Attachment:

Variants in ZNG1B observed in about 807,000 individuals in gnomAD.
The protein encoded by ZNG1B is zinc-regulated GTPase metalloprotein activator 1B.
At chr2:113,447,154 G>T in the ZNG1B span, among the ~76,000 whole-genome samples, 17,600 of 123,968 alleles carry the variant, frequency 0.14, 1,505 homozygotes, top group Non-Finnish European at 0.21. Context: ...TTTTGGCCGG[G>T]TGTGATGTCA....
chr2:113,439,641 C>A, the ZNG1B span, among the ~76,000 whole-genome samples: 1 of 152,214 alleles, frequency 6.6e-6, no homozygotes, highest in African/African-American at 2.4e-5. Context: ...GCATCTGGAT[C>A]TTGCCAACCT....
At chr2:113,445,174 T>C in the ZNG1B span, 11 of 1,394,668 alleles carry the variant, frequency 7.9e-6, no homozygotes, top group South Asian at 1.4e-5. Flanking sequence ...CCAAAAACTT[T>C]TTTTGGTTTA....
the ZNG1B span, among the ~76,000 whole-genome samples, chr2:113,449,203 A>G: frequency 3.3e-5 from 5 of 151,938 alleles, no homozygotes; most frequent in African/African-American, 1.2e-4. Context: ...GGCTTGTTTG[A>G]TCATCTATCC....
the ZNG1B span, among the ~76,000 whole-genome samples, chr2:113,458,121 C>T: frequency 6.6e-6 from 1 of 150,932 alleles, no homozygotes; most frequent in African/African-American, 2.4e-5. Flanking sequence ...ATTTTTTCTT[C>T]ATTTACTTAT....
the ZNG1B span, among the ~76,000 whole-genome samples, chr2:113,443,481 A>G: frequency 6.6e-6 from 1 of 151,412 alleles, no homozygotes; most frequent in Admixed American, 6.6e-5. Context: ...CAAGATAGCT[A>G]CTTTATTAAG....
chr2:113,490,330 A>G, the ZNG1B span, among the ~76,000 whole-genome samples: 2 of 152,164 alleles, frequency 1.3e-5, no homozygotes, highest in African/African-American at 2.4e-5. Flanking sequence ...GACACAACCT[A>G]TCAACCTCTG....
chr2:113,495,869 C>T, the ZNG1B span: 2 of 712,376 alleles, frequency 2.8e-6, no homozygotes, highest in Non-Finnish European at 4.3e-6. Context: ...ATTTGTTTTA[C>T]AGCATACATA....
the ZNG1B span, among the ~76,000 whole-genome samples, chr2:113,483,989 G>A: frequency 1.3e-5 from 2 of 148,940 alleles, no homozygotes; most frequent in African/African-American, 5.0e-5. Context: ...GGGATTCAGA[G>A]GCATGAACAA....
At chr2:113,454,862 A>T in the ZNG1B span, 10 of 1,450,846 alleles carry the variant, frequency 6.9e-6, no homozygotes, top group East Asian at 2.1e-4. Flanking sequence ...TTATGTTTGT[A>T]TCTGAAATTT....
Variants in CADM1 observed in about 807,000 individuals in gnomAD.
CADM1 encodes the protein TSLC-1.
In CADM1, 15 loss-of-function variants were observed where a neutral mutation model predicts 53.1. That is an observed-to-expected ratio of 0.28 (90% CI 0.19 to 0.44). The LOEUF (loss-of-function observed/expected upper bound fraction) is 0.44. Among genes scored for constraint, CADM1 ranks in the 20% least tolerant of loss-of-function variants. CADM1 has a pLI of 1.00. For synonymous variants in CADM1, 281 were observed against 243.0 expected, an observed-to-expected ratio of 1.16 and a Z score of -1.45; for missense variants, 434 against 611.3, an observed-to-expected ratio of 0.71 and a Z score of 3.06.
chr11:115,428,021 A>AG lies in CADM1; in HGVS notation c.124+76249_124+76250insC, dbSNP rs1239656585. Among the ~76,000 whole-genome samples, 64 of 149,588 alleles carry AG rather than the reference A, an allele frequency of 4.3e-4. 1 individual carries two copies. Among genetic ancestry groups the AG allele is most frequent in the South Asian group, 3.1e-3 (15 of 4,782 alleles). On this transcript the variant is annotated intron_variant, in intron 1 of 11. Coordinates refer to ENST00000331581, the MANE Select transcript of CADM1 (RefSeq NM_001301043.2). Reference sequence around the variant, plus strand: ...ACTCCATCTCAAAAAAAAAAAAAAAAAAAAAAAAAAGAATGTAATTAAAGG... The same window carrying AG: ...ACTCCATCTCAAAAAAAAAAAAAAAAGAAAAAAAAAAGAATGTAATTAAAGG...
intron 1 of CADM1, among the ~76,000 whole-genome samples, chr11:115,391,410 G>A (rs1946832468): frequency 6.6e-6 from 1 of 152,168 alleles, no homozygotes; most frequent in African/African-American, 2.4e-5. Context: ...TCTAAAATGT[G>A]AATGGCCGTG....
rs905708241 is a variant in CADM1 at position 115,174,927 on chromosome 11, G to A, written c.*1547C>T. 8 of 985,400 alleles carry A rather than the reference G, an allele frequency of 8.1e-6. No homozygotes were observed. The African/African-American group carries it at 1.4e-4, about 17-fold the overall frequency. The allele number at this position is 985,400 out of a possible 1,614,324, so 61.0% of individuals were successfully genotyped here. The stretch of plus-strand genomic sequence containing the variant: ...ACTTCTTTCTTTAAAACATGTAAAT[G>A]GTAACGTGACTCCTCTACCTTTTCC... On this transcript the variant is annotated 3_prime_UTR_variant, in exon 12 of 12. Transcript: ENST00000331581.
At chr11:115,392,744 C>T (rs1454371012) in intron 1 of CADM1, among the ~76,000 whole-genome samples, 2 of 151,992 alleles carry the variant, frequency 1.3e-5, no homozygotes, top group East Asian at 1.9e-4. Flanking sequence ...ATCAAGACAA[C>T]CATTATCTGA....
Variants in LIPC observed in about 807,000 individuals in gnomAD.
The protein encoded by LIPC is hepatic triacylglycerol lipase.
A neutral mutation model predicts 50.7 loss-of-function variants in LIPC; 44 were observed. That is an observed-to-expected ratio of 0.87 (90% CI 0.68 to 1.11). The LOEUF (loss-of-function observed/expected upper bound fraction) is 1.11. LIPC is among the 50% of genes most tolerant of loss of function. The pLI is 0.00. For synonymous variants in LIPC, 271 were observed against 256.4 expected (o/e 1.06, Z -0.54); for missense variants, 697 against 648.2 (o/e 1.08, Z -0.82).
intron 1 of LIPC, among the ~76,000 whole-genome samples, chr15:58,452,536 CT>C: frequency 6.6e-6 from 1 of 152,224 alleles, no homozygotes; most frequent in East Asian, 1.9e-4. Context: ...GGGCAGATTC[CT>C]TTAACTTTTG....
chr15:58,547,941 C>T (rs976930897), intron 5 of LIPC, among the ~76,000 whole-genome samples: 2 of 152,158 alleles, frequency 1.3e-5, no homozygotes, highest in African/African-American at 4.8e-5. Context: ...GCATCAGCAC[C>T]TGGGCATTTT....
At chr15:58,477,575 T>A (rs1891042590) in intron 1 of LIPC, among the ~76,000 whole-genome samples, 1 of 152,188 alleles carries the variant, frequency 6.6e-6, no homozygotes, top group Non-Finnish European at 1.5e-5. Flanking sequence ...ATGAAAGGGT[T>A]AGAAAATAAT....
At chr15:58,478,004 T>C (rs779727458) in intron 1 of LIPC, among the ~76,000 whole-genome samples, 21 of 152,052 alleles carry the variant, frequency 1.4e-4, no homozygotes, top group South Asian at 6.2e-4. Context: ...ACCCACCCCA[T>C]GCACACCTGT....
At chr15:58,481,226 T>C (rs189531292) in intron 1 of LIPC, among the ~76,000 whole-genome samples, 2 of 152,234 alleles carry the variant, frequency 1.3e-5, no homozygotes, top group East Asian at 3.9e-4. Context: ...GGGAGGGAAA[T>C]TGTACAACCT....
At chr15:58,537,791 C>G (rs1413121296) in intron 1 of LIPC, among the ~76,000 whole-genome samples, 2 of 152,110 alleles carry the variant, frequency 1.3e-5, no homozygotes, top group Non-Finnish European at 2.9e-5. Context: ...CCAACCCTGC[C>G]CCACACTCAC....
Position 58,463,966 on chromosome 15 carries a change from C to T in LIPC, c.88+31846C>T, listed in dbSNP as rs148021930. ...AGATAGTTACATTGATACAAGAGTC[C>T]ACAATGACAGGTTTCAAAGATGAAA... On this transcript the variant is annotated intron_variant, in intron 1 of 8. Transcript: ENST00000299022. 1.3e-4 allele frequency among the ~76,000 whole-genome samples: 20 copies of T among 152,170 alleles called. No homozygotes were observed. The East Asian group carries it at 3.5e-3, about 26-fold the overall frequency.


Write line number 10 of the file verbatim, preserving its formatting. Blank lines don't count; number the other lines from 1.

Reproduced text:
chr2:113,495,869 C>T, the ZNG1B span: 2 of 712,376 alleles, frequency 2.8e-6, no homozygotes, highest in Non-Finnish European at 4.3e-6. Context: ...ATTTGTTTTA[C>T]AGCATACATA....